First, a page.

Preludes to an avalanche of anger | The Daily Star
12:00 AM, April 03, 2017 / LAST MODIFIED: 12:00 AM, April 03, 2017

Preludes to an avalanche of anger


Perhaps, as a writer, Mahbub Aziz is a helpless lonely person, like many out there, in the face of the incurable human injustices around us. Sometimes, he's an onlooker; sometimes he's a lamenter; and sometimes he's an aggrieved human waiting for a miracle to happen when it matters coming to terms with the agonized lives of the characters he's creating.

Aziz has a wonderful ability to create very common but significant characters that are always around us but we hardly notice them through a writer's eyes. Most of his protagonists are the victims and some are oppressors.

The main character in Kal bhorey jokhon kolingbel bejey uthhbey is a common and honest man with normal human dreams but helpless against the fraud and treachery committed to him. He's convinced that there's no place on earth where he can seek redress of  the injustice committed to him. He prefers to keep quiet and withstand the calamity and tries to correct his own so-called error that takes place in the form of his innocence.

The salient features of his stories are the clouds overcast with social injustices over the weak, the helplessness of common people in the face of those injustices, and the agony of the wounds that are kept alive when there's no justice for the sufferers.

The most painful form of injustice is portrayed in Nodir parey boshey thaki shudhu [We only sit by the river] in which a group of young people, helplessly watch a woman being raped and killed by the people who are meant to save her. These young men are supposed to stand up against the injustice and help the woman, but they show an eerie nonchalance at the crime. This story, perhaps the most striking one in this collection, reflects the psyche of our society – a society full of scared people who perhaps have lost the courage to revolt, to begin an uprising and to change the unhealthy trends.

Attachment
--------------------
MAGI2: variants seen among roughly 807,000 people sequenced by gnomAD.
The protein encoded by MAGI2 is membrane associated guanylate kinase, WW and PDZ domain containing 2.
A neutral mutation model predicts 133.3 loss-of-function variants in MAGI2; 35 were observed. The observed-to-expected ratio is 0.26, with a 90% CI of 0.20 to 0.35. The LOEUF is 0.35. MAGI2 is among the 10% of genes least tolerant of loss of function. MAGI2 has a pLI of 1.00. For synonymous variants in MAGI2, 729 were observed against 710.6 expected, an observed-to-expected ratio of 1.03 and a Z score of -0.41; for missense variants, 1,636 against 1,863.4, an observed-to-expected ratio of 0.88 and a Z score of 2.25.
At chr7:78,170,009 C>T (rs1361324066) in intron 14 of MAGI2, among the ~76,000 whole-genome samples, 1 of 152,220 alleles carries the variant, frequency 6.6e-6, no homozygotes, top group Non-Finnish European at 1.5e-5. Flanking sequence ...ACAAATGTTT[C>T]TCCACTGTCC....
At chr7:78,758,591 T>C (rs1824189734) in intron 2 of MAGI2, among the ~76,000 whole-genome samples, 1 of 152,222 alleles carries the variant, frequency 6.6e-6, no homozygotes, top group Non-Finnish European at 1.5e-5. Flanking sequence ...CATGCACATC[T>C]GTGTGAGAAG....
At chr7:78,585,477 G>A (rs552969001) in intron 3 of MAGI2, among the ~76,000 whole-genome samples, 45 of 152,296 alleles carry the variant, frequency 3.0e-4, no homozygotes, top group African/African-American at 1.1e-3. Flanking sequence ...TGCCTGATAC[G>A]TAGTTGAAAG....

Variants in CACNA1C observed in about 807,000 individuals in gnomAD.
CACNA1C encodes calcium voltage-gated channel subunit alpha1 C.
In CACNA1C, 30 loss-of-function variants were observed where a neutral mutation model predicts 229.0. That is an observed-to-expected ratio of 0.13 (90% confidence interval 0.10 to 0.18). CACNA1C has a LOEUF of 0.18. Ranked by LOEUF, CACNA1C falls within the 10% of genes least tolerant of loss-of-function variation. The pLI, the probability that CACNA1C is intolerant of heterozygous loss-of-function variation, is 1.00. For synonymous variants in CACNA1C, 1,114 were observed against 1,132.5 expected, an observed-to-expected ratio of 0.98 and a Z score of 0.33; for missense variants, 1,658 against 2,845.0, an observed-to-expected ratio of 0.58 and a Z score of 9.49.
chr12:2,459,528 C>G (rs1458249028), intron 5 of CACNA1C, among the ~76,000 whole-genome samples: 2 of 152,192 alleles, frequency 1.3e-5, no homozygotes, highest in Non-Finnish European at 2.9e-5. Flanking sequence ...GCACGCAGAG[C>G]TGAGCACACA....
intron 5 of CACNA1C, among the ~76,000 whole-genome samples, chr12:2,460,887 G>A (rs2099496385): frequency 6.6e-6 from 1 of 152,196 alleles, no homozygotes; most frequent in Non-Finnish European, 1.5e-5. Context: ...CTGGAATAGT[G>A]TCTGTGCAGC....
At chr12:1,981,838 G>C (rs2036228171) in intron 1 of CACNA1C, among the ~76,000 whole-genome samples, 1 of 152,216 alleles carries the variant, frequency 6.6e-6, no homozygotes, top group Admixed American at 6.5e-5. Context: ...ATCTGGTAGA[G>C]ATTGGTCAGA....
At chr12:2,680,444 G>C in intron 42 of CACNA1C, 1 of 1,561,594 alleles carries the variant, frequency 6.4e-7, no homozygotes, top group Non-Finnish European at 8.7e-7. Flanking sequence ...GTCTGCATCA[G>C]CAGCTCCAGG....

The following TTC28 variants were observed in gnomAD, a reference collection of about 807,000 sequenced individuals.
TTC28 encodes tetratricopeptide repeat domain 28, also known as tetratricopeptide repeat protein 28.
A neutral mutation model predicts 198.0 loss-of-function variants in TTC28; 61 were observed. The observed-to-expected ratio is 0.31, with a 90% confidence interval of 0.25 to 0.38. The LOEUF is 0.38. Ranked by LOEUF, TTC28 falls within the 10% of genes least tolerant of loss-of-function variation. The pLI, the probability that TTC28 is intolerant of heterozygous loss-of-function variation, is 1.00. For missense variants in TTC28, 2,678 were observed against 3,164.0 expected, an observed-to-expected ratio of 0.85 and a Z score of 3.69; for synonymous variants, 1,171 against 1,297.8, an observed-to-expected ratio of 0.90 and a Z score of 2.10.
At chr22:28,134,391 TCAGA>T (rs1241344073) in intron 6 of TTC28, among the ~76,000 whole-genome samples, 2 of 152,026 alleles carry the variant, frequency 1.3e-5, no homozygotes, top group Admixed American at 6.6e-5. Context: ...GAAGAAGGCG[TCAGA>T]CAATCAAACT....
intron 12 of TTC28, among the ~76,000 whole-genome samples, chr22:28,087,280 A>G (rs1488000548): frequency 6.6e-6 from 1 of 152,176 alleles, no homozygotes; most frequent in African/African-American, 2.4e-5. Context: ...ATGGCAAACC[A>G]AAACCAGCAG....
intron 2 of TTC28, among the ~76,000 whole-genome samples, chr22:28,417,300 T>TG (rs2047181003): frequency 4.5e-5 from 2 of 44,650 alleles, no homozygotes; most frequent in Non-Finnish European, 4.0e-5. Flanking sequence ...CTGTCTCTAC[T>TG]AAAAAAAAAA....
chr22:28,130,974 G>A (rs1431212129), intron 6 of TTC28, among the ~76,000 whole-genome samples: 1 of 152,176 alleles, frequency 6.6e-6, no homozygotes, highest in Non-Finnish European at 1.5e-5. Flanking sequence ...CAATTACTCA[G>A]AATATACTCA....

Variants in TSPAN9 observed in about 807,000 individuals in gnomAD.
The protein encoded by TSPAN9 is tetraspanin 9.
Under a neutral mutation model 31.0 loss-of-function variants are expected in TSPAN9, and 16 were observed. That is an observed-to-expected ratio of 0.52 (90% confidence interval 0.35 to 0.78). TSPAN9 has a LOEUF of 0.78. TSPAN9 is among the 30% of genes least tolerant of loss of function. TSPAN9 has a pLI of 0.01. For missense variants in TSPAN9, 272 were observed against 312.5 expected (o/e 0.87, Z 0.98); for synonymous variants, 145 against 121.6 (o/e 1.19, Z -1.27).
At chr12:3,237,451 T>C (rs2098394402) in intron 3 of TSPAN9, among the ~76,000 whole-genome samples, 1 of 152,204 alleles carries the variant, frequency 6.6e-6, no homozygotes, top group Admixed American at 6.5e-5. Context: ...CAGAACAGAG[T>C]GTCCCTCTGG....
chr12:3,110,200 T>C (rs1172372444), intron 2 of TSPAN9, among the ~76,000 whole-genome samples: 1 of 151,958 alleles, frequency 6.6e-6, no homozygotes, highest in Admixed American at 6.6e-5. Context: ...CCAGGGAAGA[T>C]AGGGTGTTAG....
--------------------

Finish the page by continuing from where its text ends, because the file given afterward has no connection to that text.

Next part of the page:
Aziz depicts many deaths in his stories. Kono somporko nei, Nodir parey boshey thaki shudhu, Mrito Abdul Jalil jokhon firey elen and Mrittu bhoyar jam gachher chhaya are the stories that deal with death.

In Kono somporko nei, two persons – one an elderly man and a young woman – go on a date outside Dhaka where they die suddenly. The children of the man come and take their father's body but they spend quite a lot of money in order to show that the deceased had died alone; there was actually no lady with him. The dead woman becomes a problem for the people who are alive. They deny any existence of the woman. In Nodir parey boshey thaki shudhu, a group of young men cannot do anything when a woman dies after being tortured by local political leaders. When Abdul Jalil, the prime character of Mrittu bhoiar jam gachher chhaya, everyone wants him dead again; everyone wants him to stay missing from their lives as they have all begun new lives of their own in which Jalil is a misfit and would only create troubles in their new lives.

Aziz's portrayal of death is a portrayal of a strange kind of nonchalance among the characters in his stories; they seem willfully oblivious about value of the dead people, while alive, put in their lives. It's a nice way of delineating how the living neglect the dead in our society.

The writer's language is lucid and there's no willful use of difficult words that might cause the readers to stumble; his diction rather helps the reader to finish a story in one go. Aziz, as a literary editor, has a great advantage regarding deciding about his own writing. As an editor, he has read volumes of short stories, essays and poems everyday for publishing in his magazine and that gives him an edge to know about thousands of styles that people are following these days. This also gives him an edge to decide on his own style to tell a story easily but imprinting the message of the story into the reader's mind. He is indeed very successful in doing this.

Sometimes, Aziz's stories would give rise of a sense of helplessness but most of the time, I felt, this sense of helplessness is a prelude to a huge avalanche of anger about regarding the injustices prevailing in our society. It seemed to me that there are a billion angry bubbling thoughts in the writer's head. He should do something about bursting those bubbles in order to come up with a revolutionary plot in his next book. I believe he would do very well in that.

The reviewer is a writer and columnist.

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